The Apostasy Gambit

Session 6: Able

The Scum and the Slave

“You’re being paranoid, I just spoke to him about it…”
“You did what?”
“He was completely open about it, don’t you think he’d be a little more subtle if he was involved in heresy?”
“Oh! Good! So you spoke to him and he didn’t seem like he was lying! Well, I guess that settles it then, we can ignore the fact that he led us into a trap that half killed me within hours of arriving on the planet, and concentrate on working on all those other leads he’s given us that’ll probably finish the job!”
Ishta rolled her eyes and walked away without saying another word. Able watched her go, furious with the uppity hive-worlder. The main problem with Ishta was that she had no concept of her place in the operation. He had no illusions that her talents weren’t invaluable to the group, but her attitude needed some serious adjustment. It was the curse of command: everyone thought they could do your job better than you could, that all the good you did was forgotten and every minor mistake you made was held against you forever. Able doubted Ishta had ever led anything more than a conversation, she had no idea what it meant to lose people under her command, to know that good men and women would still be alive if only you’d made a different call somewhere along the line. That was the real weight of command: making decisions and accepting responsibility for the consequences. Anyone could lead a unit when the sun was shining and the enemy was far away, but when everything went to hell someone had to make difficult choices, and that same someone had to deal with the results. Anyone callous enough to claim they never made a bad call didn’t deserve to have lives in their hands. Throne, even the Lord Emperor made mistakes in his time. An image leapt unbidden into his mind, of Ishta nagging a glowing, golden clad figure about some mistake or other and, in spite of himself, chuckled under his breath.

After the briefing Able headed quickly for the computers to find out what he could about the naval base from Octus’ woefully incomplete records. Once again he found himself wondering what the point was in having an inquisitorial cell stationed permanently in a city if they were going to miss such a significant heresy going on right under their noses. The Logicians had infiltrated Castellon right through to the upper Echelons of the planetary defence, and the Lord Emperor only knew how much of the population had been turned by their subtle, insidious propaganda. Somehow, news of this had caught Octus and his group completely by surprise, or so they claimed. Either they were incompetent or they, too, had been turned. Whichever it was, Able was resolved to not place too much faith in them, and certainly to keep them in the dark as much as possible about his own group’s activities.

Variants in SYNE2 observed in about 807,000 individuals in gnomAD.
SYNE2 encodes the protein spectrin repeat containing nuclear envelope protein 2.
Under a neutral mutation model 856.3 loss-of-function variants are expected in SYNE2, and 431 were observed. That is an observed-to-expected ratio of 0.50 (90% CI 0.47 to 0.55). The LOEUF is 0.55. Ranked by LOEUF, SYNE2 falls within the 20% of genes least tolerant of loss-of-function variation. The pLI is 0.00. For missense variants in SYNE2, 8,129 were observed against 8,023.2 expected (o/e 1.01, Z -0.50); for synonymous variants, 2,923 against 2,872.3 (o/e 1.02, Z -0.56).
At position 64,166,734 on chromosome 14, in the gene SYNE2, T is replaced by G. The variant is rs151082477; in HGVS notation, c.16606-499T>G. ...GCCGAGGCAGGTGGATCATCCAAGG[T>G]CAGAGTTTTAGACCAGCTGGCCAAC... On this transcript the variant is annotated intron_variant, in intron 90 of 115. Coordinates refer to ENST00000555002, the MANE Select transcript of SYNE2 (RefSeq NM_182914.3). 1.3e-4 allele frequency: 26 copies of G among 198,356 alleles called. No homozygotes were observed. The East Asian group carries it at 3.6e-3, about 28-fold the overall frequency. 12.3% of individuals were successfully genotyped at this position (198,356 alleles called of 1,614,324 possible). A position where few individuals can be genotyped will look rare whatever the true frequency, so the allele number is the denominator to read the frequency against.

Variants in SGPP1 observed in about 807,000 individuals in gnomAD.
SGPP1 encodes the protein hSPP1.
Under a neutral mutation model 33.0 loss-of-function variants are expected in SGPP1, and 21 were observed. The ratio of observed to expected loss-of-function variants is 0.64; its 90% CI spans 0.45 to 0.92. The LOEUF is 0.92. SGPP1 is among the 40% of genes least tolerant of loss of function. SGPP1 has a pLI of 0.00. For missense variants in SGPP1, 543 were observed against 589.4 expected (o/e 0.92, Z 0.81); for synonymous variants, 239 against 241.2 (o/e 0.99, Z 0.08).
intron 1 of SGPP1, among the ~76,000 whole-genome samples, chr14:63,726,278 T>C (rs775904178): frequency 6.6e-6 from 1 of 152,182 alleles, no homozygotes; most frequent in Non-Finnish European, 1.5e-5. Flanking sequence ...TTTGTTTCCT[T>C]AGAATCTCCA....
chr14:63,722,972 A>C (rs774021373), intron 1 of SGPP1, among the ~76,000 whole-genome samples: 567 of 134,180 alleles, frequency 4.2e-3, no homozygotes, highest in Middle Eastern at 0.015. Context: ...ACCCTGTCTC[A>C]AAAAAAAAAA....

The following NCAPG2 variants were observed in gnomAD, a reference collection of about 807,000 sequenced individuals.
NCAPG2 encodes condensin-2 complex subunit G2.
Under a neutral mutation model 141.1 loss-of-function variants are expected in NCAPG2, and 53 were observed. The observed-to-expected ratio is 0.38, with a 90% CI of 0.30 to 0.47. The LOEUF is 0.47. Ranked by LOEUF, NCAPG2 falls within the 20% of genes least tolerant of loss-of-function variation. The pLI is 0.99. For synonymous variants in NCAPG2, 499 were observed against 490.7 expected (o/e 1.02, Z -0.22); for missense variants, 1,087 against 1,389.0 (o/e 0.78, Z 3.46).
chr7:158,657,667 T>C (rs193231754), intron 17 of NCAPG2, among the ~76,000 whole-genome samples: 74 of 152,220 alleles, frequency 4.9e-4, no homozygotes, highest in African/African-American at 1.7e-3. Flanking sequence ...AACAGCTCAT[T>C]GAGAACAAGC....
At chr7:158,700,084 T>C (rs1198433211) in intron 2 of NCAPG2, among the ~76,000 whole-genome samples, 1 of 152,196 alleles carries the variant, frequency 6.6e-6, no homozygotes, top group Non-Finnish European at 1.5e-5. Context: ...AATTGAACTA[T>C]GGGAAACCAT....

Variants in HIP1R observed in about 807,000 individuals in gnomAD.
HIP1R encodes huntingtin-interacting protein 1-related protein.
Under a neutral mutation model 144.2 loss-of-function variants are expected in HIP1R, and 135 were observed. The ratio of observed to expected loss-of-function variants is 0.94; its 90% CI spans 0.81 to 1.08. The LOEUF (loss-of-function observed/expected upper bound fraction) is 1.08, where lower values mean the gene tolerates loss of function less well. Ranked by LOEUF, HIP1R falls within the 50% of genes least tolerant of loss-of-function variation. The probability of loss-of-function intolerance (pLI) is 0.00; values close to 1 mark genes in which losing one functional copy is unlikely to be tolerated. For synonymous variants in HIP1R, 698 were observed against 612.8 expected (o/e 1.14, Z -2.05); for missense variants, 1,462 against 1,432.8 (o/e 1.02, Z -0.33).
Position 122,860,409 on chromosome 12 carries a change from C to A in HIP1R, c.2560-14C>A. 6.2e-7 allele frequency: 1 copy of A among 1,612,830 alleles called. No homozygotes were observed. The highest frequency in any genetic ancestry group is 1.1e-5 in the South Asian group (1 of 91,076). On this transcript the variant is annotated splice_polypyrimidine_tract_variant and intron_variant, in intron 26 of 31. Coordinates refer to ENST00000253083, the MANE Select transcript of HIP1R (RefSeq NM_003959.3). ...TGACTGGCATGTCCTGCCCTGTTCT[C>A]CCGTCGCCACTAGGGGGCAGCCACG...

Able touched the wounds on his face gingerly as he sat at the terminal. Octus had removed the buckshot and the carefully cleaned the wounds, for that at least Able was thankful, but the soreness in his cracked ribs every time he breathed reminded him that the techpriest had caused him as much pain as he’d healed. The wounds on his cheek would scar, of that he was sure. Indeed, he was lucky the shot had only grazed him: from the range Bruul had fired he could easily have lost half of his face, the scars would be a constant reminder of how close he’d come to dying at the hands of the fanatical trooper. What could the Logicians have said or done to turn the man so firmly against the true way of the Emperor? Well, that was the trouble wasn’t it? Bruul was convinced beyond all reasoning that he was working under orders from Saint Drusus, how could anyone short of the Saint himself convince someone like that they’d been sold a clever lie? How they’d done it still worried Able. Convincing an entire regiment that they’d been witness to a miracle was no mean feat, it would take more than some clever lighting and a megaphone to inspire the fanaticism they’d seen in Bruul. It was possible that the Logicians had a powerful psyker working with them or, worse yet, a daemon. He offered a silent prayer to the Emperor that they’d never have to face either while extracting Moran from this cursed planet.